Noir is back and even Hong Kong cinema has jumped onto the bandwagon. The latest film to join the select group of dark-edged films digging into the Asian underworld of crime, crooks and nooks is Chi-kin Kwok's The Moss [Ching Toi]. A film not afraid to glorify the ugliness of what lies below the mask of a bustling city, revealing a hidden world of people living on the edge of society.
If you feel the need to compare this film, there is no better option than Pou-Soi Cheang's Dog Bite Dog. Both films share a pretty identical setting and styling. A certain grainy darkness that pours from every shadow and character. It's still a little strange seeing this type of film emerging from the Hong Kong film scene, which is usually more taken with sparkling and well-washed celebrities doing their thing.
The Moss finds itself dealing with Jan, an undercover cop turned bad. Part cop, part criminal and completely lost. In love with one of the whores from a whorehouse he raids from time to time with his chief in command, he goes about his life and job as if he has little left to lose.
Things take a turn for the worse when the son of a local mobster goes missing. When she starts pulling some strings Jan ends up in the middle of a violent little mob war. And to add to the fun, some young Pakistanis are aiming to take over control of the neighborhood with the help of a rather shady killer for hire. Throw in some heavy contrast with a 12 year old girl representing purity and you have all the ingredients for a gritty tale from the slums.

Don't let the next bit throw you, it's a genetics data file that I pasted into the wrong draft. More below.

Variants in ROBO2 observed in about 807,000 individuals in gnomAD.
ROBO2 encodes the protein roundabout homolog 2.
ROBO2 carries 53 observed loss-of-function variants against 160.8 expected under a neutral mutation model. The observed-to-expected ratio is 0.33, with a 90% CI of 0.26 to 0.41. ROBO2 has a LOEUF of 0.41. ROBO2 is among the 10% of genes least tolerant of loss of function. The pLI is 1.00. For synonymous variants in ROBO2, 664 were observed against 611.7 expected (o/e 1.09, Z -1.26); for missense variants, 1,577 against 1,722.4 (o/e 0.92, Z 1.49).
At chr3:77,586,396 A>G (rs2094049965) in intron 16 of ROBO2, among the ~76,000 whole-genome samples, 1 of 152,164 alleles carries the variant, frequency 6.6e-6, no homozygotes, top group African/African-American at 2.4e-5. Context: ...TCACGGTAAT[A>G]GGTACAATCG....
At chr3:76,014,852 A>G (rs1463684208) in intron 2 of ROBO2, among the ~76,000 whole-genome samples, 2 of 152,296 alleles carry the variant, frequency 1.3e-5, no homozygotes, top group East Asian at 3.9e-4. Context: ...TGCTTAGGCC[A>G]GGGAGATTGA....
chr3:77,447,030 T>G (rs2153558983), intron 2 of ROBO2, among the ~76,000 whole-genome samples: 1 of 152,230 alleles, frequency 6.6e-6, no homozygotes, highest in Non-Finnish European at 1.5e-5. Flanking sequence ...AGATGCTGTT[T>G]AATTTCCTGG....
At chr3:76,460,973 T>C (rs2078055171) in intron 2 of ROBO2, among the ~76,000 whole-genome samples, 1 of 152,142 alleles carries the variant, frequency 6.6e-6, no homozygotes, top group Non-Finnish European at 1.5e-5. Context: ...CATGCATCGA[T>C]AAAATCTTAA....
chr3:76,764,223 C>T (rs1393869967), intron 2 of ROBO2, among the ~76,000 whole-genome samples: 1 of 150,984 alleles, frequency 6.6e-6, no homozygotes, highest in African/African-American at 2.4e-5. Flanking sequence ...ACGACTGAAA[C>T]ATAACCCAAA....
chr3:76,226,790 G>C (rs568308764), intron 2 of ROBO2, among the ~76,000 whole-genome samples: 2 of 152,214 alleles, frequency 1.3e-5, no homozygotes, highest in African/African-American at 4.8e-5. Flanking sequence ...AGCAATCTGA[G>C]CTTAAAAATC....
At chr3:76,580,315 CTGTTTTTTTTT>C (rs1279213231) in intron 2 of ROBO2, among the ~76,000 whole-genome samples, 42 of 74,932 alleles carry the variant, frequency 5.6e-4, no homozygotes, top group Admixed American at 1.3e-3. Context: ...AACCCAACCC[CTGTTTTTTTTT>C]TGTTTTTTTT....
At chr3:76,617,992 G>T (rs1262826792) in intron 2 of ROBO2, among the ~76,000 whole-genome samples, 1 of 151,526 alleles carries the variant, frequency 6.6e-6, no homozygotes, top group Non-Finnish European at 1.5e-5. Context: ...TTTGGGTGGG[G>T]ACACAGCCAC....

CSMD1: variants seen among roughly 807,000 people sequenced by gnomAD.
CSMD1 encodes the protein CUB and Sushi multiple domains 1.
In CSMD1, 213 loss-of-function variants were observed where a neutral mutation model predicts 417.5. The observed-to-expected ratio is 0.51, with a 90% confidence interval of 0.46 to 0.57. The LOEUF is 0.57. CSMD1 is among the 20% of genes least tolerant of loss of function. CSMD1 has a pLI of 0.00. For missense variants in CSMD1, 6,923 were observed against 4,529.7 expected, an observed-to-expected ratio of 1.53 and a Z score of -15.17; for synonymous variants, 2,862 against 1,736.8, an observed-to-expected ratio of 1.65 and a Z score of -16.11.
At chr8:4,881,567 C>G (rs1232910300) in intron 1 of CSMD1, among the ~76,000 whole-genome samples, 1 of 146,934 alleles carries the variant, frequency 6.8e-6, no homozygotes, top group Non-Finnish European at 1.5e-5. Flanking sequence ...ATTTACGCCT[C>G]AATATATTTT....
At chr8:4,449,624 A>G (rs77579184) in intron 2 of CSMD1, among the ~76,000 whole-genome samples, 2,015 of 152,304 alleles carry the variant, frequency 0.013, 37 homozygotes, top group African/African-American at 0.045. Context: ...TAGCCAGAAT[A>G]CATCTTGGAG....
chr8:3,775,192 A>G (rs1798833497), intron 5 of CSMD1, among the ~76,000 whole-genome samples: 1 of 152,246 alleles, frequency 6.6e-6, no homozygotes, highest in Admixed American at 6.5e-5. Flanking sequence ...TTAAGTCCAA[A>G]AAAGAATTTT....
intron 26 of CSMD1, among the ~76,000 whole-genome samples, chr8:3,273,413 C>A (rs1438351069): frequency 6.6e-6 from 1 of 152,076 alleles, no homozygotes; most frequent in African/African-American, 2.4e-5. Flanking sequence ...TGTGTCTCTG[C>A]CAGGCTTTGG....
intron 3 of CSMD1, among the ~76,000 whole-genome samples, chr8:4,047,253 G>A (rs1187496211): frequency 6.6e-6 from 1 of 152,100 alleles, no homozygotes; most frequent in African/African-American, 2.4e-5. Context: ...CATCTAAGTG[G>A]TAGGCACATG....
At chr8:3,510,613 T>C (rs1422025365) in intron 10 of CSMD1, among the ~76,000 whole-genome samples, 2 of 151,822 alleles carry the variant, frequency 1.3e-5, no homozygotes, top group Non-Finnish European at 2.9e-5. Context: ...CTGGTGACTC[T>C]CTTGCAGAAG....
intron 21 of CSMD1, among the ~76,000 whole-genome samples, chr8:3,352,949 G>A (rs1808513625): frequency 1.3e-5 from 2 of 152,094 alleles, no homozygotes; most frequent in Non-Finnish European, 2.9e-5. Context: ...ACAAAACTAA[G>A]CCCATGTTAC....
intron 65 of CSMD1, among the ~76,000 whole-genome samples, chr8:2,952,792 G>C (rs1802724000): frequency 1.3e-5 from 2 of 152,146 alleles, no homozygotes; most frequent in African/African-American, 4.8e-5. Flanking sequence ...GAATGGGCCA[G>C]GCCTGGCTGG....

Visually there is plenty to enjoy here. Kwok finds the right balance between shaky, close to the skin hand-held action and clean, controlled camera work. His use of color is pretty much perfect, with warm, deep color contrasting the heavy and shadowy blacks of the gloomy setting. It dictates the feel and atmosphere of the film, making the somewhat improbable story that much more believable and immersive.
The soundtrack is equally nice. Dark, brooding and just a little off-beat. Not too present or dominating, but doing a good job of enhancing the already gritty atmosphere. Acting is overall strong too, especially Shawn Yue who's putting in quite an effort. Even though his character is hardly original he knows how to put in some genuine intrigue and emotion. The supporting cast is just as dedicated to keeping the quality of the film high, with a neat little cameo of Eric Tsang to finish it off.
The film takes a couple of strange turns in the middle. The addition of the Pakistani gangsters is a little odd, so is the beggar/killer character. But through the lock-tight atmosphere it never becomes too weird or alien. Kwok hurls his characters from gritty slum to slum but keeps a tight focus on the different story lines waiting to hit each other dead on, never letting the film meander too much.
The Moss is not a wildly original film, but executed so well that it impresses from the very first seconds right until the final credit fades from the screen. Kowk's direction is marvelous as he lets nothing slip by. A tightly paced story, good acting, solid soundtrack and visual splendor are all part of the fun. It never turns into a true masterpiece, as some elements do feel a little quirky and the story does take some strange directions, but it's good to see people follow in Cheang's footsteps. There's a bright future for HK noirs, if you pardon the pun.